Leading Article: A touch of envy is in order

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The Independent Online
LUCKY Americans] After the 12 years of the Reagan-Bush Republican era, tomorrow's inauguration of Bill Clinton as President gives the United States one of those fresh starts that democratic systems desperately need - and for which human nature craves. On this side of the Atlantic we may be forgiven a powerful twinge of envy for the cleansing of the Augean stables that is taking place across the water. It is arguably no bad thing, too, that the great revolving door exercise includes senior officials of the politicised breed for which we have no real equivalent.

In Britain, after nearly 14 years of the Thatcher-Major era, there is something of the same sense of public disenchantment with the nation's leadership that led to George Bush's defeat. But we have had no similar change since 1979, and no relief is in prospect, apart from an upturn in the economy. Willy-nilly we are sentenced to four more years of the same, with the Government showing all the signs of tiredness, insensitivity to the public mood and proneness to lapses of morality to which long tenure leads; and the prospect offered by the current Opposition lifts few spirits.

It is true that Mr Clinton will have great difficulty in fulfilling the high hopes placed in him. His gifts include great energy, determination and staying power allied to formidable intelligence and (not always a concomitant) a great willingness to learn. But his ability to make difficult decisions and choices has yet to be tested. Ruthless he undoubtedly can be, but no one knows whether he will deploy that attribute against the right people and interest groups as they crowd in upon him. Vested interests are well represented in his cabinet, of whose 18 members 13, including himself, are lawyers.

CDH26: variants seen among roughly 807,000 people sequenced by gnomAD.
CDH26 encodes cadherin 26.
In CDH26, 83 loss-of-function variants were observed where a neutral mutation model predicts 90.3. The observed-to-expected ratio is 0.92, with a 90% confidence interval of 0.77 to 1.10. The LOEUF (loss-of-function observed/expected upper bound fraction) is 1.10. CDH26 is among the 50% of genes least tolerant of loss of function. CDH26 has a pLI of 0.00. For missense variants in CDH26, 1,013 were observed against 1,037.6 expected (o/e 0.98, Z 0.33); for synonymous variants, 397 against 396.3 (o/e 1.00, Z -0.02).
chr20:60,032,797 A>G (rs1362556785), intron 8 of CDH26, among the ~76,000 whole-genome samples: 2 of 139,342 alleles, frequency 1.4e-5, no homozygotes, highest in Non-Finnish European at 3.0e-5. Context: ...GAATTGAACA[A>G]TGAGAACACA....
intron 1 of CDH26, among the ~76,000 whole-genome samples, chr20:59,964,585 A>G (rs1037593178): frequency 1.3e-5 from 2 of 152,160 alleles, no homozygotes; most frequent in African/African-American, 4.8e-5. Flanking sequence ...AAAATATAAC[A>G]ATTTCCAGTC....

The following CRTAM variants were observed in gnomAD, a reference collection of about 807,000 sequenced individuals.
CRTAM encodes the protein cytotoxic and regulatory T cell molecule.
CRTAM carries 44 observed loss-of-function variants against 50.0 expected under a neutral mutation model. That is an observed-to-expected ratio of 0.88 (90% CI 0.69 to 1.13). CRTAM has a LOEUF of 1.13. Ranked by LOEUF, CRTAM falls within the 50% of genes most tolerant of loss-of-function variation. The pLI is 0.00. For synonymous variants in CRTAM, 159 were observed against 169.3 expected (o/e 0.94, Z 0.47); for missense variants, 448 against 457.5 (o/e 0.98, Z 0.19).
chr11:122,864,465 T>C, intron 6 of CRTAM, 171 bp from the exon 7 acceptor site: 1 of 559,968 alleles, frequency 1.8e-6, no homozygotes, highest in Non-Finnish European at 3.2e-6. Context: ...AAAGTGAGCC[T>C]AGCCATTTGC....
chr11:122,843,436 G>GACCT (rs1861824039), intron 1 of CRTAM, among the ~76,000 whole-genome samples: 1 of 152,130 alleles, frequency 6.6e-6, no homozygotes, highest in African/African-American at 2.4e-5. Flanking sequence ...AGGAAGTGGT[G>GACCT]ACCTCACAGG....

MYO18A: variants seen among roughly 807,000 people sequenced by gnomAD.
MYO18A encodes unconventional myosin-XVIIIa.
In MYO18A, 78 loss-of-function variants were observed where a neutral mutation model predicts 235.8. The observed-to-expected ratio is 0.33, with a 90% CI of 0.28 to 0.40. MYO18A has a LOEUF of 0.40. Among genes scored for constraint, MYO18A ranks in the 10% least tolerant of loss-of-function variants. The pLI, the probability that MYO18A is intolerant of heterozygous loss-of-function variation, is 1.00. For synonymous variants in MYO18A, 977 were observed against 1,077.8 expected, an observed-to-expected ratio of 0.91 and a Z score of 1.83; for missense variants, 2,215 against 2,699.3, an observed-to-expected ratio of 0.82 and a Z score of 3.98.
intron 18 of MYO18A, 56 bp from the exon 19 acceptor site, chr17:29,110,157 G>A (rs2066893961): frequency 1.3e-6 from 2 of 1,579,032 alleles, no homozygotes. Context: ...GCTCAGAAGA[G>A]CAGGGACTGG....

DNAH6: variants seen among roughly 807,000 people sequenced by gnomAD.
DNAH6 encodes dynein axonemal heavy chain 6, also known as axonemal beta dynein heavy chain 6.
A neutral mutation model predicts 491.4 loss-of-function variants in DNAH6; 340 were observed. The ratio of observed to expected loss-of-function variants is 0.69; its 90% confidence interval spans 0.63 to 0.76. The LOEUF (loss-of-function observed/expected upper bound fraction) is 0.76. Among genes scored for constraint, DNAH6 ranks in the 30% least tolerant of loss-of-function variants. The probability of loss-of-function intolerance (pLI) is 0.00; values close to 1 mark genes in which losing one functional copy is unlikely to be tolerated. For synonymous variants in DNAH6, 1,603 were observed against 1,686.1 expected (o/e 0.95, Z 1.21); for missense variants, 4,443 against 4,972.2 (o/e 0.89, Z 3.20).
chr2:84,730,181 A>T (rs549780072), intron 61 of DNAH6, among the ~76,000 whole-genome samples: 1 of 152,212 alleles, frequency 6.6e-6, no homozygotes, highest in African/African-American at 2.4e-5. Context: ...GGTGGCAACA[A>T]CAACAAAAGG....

It was on the understanding that he would give priority to the domestic agenda that the Governor of Arkansas was elected. He is committed to reforming a very expensive and inequitable health care system that aggravates the serious federal budget deficit. No less important, American standards of education and training have fallen well behind those of commercial competitors (especially in the Far East) and desperately need investment: it is only by re-skilling the US that the new President will be able to build on the incipient economic recovery. For such investment, extra revenue will have to be found - and quickly: intermediate congressional elections will soon make members reluctant to be associated with unpopular measures such as a much-needed petrol tax. The window of opportunity is small.

Yet however determined Mr Clinton is to give precedence to domestic social issues, he cannot escape from the President's role as chief formulator of foreign policy and commander-in-chief of the armed services. Armageddon aspects aside, that burden was lighter when the world was stuck in Cold War paralysis. As the last three years have shown, all is now flux. It is daunting enough to inherit such decisions as how to undermine Saddam Hussein; whether to intervene militarily in Bosnia; how long to keep US troops in Somalia; how to resolve the Gatt trade talks deadlock; and so on. Fresh crises demanding tough decisions will arise, and probably not singly. Mr Clinton seems unusually well equipped to tackle them. But ultimately it is his character that will be on the line.

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